Common sense I know, but it’s worth reiterating that your CV is your shop window and should reflect, as succinctly and professionally as possible, all of your relevant achievements and experience to date.
Remember that when a headhunter or recruiter reads a CV we speed-read it, looking for all the key words that are relevant to our current search, often only reviewing the first page before we make an initial decision. At this stage we are in information overload, often reading or reviewing hundreds of profiles on and offline to settle on three piles – ‘yes’, ‘no’ and ‘maybe’!
The ‘yes’ pile probably holds our shortlist and your CV needs to be in there!
So what should you focus on?
Every headhunter has their own personal preferences but I believe that you need to start with a strong positioning statement describing your potential role or roles with supporting information which is relevant to the role that you are applying for, to make us read further e.g:
‘A CEO who has founded, grown and exited a software business taking it from £0 to £60m turnover before the sale to…”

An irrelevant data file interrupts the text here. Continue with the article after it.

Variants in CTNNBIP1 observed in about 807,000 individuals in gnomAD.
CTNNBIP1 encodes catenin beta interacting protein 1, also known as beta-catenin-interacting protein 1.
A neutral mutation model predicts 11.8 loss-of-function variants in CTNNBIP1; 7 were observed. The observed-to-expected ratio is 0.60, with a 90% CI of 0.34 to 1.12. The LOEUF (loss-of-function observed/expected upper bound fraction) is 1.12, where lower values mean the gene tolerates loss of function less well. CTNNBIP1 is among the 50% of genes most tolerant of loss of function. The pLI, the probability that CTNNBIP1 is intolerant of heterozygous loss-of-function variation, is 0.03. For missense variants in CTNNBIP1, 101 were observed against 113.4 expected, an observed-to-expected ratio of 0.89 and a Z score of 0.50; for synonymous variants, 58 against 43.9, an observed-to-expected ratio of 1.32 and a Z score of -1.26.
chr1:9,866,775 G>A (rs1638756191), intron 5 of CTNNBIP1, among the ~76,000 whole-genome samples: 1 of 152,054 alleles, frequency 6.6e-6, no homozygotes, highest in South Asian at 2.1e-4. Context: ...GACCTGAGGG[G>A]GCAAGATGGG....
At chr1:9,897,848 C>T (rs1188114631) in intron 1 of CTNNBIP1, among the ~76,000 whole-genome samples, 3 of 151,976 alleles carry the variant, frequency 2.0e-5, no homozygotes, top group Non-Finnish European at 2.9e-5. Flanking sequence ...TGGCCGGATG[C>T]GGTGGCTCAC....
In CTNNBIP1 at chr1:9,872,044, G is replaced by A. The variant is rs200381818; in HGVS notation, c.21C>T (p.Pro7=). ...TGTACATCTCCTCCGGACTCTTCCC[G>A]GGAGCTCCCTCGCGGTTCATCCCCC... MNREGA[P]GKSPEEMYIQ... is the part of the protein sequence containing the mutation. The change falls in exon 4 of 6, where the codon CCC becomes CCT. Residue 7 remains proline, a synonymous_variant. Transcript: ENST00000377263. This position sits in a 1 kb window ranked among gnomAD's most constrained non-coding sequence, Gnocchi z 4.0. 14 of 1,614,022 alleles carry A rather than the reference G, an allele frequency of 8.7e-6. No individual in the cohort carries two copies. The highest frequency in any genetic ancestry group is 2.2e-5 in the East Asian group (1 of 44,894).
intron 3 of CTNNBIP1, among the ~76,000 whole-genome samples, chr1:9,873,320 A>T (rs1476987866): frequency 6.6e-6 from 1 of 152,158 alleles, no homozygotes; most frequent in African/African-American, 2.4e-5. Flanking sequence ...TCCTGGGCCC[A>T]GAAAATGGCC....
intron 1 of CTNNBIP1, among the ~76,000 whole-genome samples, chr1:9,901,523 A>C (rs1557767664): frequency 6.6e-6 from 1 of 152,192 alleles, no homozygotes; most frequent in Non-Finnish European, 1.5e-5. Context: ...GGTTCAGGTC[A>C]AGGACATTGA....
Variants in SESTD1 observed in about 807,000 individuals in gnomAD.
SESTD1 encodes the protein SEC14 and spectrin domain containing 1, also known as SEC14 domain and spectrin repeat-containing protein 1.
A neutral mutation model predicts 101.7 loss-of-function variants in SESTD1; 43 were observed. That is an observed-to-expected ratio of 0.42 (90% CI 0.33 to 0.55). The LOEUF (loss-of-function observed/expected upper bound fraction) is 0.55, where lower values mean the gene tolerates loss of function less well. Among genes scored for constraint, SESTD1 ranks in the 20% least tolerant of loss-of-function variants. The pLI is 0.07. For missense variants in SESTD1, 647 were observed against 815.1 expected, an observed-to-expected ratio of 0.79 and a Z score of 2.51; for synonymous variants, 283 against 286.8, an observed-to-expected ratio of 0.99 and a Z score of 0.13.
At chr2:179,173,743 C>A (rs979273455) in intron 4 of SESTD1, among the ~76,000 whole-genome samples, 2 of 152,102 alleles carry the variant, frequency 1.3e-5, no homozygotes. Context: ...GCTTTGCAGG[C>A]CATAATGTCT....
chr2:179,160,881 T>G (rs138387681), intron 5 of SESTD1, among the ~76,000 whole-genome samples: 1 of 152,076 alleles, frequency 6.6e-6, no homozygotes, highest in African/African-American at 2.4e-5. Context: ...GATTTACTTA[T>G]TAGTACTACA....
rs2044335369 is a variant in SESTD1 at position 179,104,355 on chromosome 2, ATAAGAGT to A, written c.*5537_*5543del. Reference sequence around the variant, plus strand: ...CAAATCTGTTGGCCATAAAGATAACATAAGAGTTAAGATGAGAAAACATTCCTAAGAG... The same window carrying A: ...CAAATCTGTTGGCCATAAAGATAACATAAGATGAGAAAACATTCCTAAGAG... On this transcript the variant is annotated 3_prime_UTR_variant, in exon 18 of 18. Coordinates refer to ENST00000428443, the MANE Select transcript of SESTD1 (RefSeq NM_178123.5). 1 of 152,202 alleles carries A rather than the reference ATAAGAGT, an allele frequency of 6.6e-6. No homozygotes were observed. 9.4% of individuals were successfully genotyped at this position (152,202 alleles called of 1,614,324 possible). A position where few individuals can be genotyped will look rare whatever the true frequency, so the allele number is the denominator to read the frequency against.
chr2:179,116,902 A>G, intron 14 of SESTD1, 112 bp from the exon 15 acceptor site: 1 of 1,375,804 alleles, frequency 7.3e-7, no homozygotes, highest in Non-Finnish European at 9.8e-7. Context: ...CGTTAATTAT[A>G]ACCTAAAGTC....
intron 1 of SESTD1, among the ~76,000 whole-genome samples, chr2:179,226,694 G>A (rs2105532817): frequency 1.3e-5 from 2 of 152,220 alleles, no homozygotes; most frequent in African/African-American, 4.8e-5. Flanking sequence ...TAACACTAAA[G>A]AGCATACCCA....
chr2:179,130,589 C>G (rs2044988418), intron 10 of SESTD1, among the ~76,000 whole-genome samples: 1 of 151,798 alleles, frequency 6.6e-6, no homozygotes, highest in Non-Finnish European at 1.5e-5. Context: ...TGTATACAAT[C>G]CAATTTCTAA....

“An experienced VP Sales in the Enterprise software space having worked for…and managed teams of up to 40 sales professionals…”
Starting with your current company/position you can then chronologically list dates and details of employment, making careful notes to show consistency, following the format below:
Current Company – e.g. Dell
Role – e.g. Director of Software Engineering
Remit -To deliver x software project to time and to budget managing three teams of 20 software engineers
Achievements - Delivered x, y and Z…probably as succinct bullet points.
There are various formats/templates available on the web but try to avoid over complicating it with tables and graphs. A plain white background is best, with a maximum of 3 pages and don’t use more than 2 different font styles. A one page resume is useful to have but often will not contain enough information about achievements etc to open the required door to that next opportunity.A photo is often useful but make sure that it is clear, recent and professional! Personal information can be left to the end of the CV but don’t forget to put your name and phone number on each page in case the pages become disconnected after printing.
Remember that you may be approached by a headhunter when you least expect it and that you always need to have an up-to-date document ready to go. The danger with spending too long preparing/updating your CV is that you may miss the deadline for shortlisting and thus the opportunity.
For challenging, difficult to fill, politically sensitive or very senior roles, Executive Search is still the most widely used approach after networking and most senior executives move jobs in this way.
Caroline Hayward, CEO